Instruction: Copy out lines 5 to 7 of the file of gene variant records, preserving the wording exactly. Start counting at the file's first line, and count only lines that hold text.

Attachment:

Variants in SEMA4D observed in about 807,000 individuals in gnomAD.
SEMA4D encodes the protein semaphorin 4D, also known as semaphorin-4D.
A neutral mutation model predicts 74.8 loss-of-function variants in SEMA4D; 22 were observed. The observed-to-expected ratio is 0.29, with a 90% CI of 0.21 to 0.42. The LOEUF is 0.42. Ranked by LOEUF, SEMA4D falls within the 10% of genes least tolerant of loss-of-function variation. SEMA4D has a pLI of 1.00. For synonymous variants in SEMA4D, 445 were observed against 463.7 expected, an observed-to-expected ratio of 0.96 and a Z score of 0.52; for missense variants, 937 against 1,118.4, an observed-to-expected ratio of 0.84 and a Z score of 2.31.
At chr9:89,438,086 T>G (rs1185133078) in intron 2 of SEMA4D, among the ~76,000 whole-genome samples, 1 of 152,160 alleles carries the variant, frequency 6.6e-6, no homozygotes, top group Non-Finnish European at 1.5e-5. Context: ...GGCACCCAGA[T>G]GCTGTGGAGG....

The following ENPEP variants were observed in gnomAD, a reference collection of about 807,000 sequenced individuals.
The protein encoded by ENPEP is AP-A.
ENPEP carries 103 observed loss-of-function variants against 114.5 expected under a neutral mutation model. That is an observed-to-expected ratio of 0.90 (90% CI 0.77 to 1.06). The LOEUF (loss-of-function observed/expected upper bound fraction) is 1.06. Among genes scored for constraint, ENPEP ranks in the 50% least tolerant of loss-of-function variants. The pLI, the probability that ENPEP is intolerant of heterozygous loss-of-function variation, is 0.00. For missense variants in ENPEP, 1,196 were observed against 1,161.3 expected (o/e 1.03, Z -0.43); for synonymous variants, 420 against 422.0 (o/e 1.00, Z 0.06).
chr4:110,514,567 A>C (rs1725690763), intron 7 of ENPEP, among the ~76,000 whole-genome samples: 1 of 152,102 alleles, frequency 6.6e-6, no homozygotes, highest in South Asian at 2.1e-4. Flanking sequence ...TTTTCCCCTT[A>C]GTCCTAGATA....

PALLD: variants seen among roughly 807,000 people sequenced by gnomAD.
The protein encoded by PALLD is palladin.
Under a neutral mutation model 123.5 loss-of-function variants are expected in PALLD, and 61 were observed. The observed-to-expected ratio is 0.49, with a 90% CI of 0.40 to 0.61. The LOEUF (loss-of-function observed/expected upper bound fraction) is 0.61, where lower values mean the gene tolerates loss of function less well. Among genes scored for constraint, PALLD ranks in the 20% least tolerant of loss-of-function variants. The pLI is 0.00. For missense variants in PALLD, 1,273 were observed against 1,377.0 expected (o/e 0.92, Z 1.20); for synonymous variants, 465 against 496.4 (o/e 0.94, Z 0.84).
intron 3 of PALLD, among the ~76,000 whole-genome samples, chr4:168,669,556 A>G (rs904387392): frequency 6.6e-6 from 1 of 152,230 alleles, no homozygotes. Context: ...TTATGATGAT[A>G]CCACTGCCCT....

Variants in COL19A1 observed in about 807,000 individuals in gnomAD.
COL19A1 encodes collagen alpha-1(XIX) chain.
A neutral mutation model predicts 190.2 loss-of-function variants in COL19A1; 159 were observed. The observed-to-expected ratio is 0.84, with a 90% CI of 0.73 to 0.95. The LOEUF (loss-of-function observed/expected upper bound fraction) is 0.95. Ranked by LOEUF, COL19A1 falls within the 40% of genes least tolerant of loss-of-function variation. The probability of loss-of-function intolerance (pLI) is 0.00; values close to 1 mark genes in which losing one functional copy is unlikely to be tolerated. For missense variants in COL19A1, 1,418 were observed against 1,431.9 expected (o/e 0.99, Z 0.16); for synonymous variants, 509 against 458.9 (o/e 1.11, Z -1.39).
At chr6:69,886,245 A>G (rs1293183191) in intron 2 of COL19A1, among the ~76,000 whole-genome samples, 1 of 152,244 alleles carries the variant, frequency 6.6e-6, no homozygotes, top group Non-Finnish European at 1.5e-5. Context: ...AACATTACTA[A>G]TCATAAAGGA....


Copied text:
The following ENPEP variants were observed in gnomAD, a reference collection of about 807,000 sequenced individuals.
The protein encoded by ENPEP is AP-A.
ENPEP carries 103 observed loss-of-function variants against 114.5 expected under a neutral mutation model. That is an observed-to-expected ratio of 0.90 (90% CI 0.77 to 1.06). The LOEUF (loss-of-function observed/expected upper bound fraction) is 1.06. Among genes scored for constraint, ENPEP ranks in the 50% least tolerant of loss-of-function variants. The pLI, the probability that ENPEP is intolerant of heterozygous loss-of-function variation, is 0.00. For missense variants in ENPEP, 1,196 were observed against 1,161.3 expected (o/e 1.03, Z -0.43); for synonymous variants, 420 against 422.0 (o/e 1.00, Z 0.06).